Most mortgages contain language to the effect that if property secured by a mortgage is sold or transferred without the lender's prior written consent, the lender has the right to call the entire mortgage due, and insist on payment in full.

The due-on-sale can be triggered by transfers other than a deed.

A lease of three years or more, a lease-option, a contract for deed, moving out of the property within the first year and other transactions also give the lender the option to call the loan due.

 Silent  subject-to Transfers.

Transferring a property in violation of a due-on-sale. makes financial sense in most cases, not putting down a large down payment, or paying loan costs, signing personally on the note.

It also makes more financial sense for a lender to ignore a due-on-sale violation than to incur costs in foreclosing a property.

This is especially true if the loan is already in default and there is little equity in the property.

In most cases, lenders are not concerned with violations of due-on-sale clauses on performing loans.

There is no financial incentive for a lender to enforce a due-on-sale provision on a performing loan if market interest rates aren't much higher.

A lender does not need non-performing loans in its portfolio. 

Mortgage lenders are in the business of making money, and obviously they do not like to allow people to assume a low interest rate when rates are much higher.

There has been much litigation over the due-on-sale provision, and the great majority of the court cases have upheld the lender's right to enforce the due-on-sale clause.

The law used to prosecute borrowers who lie on their loan applications,  is virtually never used to prosecute due-on-sale violators.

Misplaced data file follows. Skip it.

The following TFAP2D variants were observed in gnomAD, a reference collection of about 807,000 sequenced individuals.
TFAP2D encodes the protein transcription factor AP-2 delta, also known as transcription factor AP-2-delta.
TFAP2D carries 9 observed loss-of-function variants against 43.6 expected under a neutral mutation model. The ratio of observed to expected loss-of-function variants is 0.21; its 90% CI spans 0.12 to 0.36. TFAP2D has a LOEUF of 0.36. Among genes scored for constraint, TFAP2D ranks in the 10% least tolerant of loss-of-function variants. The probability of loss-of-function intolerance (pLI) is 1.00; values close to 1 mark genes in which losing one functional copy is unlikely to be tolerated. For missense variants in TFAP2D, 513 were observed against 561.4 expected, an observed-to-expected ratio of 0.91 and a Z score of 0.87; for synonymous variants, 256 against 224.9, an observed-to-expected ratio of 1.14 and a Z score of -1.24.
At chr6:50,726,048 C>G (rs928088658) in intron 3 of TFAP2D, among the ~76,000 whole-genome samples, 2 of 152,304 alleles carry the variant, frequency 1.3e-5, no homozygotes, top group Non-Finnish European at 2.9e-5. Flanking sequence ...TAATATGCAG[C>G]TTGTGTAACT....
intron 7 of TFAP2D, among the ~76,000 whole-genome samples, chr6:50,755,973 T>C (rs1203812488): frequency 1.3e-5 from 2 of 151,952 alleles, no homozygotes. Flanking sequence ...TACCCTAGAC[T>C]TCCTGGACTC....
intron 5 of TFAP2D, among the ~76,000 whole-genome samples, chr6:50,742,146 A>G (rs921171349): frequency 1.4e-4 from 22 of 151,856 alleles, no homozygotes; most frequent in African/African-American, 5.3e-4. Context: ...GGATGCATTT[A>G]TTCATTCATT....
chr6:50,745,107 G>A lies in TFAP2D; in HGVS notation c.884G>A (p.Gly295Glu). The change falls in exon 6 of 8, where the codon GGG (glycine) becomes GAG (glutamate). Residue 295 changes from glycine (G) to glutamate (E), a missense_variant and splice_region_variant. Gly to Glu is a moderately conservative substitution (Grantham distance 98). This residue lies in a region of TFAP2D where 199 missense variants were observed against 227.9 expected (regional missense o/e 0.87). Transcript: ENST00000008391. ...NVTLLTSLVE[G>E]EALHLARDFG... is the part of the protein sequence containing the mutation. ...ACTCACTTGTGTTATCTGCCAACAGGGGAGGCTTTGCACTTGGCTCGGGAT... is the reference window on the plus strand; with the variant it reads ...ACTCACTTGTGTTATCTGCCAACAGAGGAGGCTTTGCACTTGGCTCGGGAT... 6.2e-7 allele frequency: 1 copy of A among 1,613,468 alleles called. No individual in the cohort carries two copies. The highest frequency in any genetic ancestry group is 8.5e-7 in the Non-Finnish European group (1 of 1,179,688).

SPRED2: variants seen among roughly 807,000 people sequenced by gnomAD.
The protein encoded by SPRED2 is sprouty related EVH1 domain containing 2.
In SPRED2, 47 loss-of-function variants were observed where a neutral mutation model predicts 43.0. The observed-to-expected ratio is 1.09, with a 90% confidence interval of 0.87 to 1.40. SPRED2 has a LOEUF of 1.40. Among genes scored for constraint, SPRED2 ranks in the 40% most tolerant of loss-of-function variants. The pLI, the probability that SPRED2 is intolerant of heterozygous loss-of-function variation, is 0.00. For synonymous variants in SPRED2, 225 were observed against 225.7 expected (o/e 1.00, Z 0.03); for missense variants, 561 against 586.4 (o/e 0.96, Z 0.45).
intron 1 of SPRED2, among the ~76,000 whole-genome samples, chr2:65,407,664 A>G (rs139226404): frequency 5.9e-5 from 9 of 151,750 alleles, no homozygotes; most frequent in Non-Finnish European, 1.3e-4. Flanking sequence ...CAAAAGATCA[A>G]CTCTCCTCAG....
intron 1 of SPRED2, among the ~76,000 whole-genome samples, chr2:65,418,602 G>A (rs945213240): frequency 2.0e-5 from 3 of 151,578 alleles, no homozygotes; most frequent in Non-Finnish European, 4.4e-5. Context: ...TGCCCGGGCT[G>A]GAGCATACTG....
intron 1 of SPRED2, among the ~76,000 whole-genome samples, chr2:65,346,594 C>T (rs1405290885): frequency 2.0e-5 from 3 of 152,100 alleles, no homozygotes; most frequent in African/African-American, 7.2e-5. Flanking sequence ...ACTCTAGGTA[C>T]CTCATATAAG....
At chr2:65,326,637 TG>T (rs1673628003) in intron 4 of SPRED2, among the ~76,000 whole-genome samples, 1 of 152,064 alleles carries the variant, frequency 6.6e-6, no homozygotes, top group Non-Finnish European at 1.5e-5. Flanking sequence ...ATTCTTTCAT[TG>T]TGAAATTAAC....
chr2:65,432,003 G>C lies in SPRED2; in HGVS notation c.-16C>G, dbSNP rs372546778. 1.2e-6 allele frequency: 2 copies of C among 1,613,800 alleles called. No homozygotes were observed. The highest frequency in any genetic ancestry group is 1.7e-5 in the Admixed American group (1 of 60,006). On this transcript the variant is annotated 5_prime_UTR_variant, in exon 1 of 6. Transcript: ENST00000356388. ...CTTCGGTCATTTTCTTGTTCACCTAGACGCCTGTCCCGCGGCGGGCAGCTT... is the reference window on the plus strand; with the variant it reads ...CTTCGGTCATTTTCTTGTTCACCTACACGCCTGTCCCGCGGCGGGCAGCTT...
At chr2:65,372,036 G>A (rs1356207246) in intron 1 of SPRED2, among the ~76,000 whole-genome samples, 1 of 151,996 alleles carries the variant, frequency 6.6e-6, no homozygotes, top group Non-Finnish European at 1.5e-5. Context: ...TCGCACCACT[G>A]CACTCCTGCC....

The United State Supreme Court, ruled that, if a borrower simply transfers title, without making any statements to the lender, then there can be no fraud.

Even though the loan documents contain the due on sale clause, Federal law also permits certain transfers.

The Garn-St. Germain Act,  enacted in 1982,  imposed certain restrictions on the enforcement of this clause.

This law contains nine specific exemptions where a lender is not permitted to exercise the due on sale clause.

When there is a real property loan secured by a lien on residential real property containing less than five dwelling units -- including a lien on the stock of a cooperative housing corporation -- a lender could not enforce the due on sale clause under the following circumstances:

  • A transfer where the spouse or children of the borrower will become an owner of the property;
  • A transfer to a relative resulting from the death of a borrower;
  • A transfer by operation of law on the death of a joint tenant or tenant by the entirety;
  • A transfer resulting from a decree of a dissolution of marriage, legal separation agreement, or from an incidental property settlement agreement, by which the spouse of the borrower becomes an owner of the property;
  • A transfer into an inter vivos trust in which the borrower is and remains a beneficiary and which does not relate to a transfer of rights of occupancy in the property (i.e. the so-called "Living Trust");
  • The creation of a purchase money security interest for household appliances
  • The granting of a leasehold interest of three years or less not containing an option to purchase;
  • A subordinate lien which does not involve a transfer of rights of occupancy in the property, and
  • Any other transfer or disposition described in regulations prescribed by the Federal Home Loan Bank Board.

While there probably is no reason for the lender to challenge you, it is always best to keep the lender informed -- before you take any steps to change ownership.

 Due - on - Sale


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